In Hartman v. Dana Holding Corp., (N.D. IN, 10/21/13) 1:12-CV-445, the court assessed penalties of $4,470 against an ERISA plan for refusing to provide historical documents requested by the plaintiff. The applicable documents related to the deceased’s “survivor annuity” and were in effect 1979. The ERISA plan refused to comply with plaintiff’s request on the basis that part of the language of 29 U.S.C. 1024(b)(4) encompasses “latest updated summary, summary plan description, and the latest annual report.” But, the court rejected that argument stating,
But § 1024(b)(4) also requires that a plan administrator furnish “other instruments under which the plan was established or operated.”
And also stating,
Here, the 1979 Plan document and SPD are critical to Mrs. Hartman’s understanding of her rights and eligibility. These documents control not only whether the Plan required spousal consent to elect against a survivor annuity in 1979, but also what fiduciary duties the Plan owed to Mr. Hartman before he made his election.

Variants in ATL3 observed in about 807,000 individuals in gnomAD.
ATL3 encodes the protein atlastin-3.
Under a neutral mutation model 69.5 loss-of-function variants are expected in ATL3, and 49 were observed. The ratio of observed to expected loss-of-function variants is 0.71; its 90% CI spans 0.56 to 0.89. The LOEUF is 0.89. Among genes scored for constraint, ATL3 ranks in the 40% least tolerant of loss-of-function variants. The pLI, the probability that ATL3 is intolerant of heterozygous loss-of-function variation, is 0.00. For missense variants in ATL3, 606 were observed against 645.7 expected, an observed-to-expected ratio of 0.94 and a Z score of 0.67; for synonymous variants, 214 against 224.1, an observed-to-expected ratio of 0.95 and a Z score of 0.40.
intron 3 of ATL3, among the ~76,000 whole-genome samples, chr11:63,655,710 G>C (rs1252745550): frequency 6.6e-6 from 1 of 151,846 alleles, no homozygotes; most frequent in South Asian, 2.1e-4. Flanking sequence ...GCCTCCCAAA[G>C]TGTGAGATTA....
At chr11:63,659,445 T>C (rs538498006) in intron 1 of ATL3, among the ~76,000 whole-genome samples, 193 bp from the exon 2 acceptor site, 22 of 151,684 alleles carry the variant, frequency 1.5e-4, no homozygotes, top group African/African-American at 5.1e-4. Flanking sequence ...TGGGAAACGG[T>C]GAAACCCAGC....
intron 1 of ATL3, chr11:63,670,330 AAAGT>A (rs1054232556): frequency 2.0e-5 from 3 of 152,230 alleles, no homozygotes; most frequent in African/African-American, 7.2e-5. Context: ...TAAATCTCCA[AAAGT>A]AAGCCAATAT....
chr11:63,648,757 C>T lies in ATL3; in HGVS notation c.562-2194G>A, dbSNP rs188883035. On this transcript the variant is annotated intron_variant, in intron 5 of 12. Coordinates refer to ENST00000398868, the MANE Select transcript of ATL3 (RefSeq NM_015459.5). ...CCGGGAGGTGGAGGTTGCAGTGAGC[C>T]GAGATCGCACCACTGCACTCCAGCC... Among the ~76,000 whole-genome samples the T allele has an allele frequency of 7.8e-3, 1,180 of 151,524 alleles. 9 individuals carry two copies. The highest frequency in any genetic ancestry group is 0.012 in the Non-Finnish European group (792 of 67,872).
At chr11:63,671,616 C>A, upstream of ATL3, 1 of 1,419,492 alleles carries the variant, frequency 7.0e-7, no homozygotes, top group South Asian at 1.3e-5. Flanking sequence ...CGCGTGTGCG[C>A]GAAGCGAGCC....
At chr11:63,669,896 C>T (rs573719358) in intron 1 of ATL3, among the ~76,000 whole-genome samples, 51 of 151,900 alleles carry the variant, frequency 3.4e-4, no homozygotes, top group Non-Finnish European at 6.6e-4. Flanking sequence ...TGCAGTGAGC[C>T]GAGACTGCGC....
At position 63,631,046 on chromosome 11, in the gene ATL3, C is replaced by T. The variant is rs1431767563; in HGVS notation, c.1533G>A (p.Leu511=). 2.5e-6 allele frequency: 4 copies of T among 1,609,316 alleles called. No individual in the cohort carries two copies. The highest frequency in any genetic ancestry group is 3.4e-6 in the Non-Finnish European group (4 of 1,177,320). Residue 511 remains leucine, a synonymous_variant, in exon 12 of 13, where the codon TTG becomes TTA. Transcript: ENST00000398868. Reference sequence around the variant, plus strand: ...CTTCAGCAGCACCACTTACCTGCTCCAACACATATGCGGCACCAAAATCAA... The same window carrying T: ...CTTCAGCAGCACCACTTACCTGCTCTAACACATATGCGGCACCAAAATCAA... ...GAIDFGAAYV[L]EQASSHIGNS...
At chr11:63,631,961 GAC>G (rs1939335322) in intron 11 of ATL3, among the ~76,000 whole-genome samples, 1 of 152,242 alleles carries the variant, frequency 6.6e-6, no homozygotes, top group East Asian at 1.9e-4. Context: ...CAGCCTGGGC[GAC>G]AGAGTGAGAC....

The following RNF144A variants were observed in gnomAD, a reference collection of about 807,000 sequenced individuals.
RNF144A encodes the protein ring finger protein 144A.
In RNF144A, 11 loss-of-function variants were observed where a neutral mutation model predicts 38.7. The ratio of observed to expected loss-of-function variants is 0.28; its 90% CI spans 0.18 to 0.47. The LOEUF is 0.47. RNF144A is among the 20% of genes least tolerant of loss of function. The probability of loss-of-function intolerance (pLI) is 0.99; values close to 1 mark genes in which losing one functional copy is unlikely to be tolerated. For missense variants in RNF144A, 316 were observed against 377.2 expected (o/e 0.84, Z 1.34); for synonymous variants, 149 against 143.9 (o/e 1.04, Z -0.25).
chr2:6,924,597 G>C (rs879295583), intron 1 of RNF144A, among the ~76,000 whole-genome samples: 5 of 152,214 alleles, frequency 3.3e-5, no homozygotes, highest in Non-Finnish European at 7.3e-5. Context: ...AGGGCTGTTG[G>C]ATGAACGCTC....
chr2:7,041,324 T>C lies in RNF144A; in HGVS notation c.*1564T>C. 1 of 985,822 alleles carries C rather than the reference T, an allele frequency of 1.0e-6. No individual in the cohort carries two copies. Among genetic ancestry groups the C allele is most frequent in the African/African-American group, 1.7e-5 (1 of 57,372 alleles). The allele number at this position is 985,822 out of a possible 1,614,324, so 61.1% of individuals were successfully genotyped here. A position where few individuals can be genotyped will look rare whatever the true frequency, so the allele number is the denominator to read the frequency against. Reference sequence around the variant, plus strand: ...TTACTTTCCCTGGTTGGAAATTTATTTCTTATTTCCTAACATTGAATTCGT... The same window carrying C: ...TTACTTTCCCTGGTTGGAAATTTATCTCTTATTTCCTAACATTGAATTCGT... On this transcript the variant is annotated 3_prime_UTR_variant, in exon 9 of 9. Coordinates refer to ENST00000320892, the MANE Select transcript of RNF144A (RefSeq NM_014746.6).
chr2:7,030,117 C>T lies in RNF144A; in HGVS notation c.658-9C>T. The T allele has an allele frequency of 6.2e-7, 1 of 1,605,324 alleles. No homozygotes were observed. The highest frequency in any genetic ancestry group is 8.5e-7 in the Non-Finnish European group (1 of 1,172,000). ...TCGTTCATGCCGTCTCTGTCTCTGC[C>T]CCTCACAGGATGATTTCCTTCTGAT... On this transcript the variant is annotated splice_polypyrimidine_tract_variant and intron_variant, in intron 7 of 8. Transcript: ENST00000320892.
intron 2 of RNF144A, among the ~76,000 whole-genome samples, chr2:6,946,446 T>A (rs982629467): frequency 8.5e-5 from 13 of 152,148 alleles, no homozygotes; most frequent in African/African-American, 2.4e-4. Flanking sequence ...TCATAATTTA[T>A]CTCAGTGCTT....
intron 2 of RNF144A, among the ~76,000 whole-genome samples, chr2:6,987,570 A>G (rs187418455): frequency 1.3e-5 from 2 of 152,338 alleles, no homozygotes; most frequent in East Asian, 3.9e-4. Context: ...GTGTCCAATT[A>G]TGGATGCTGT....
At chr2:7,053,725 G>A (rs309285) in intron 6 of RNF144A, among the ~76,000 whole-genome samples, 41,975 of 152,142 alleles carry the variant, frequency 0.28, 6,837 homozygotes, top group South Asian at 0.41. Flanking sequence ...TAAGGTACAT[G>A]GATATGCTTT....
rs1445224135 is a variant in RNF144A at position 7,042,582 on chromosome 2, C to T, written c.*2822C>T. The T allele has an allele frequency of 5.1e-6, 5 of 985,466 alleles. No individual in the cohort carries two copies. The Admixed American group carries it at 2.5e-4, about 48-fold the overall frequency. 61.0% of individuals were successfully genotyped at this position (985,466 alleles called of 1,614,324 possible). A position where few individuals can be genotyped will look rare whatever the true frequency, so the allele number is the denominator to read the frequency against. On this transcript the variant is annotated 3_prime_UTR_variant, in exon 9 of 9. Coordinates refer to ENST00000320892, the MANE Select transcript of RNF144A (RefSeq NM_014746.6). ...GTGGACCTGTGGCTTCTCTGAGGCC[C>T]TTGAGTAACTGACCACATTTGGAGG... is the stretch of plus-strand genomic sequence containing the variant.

ERISA plans are often difficult to deal with, so it is important to put them on the defensive by requesting plan documents when the plan asserts a subrogaton or reimbursement claim in a personal injury case by requesting all documents within the scope of 29 U.S.C. 1024(b)(4), which provides:
“The administrator shall, upon written request of any participant or beneficiary, furnish a copy of the latest updated summary plan description, and the latest annual report, any terminal report, the bargaining agreement, trust agreement, contract, or other instruments under which the plan is established or operated. The administrator may make a reasonable charge to cover the cost of furnishing such complete copies.”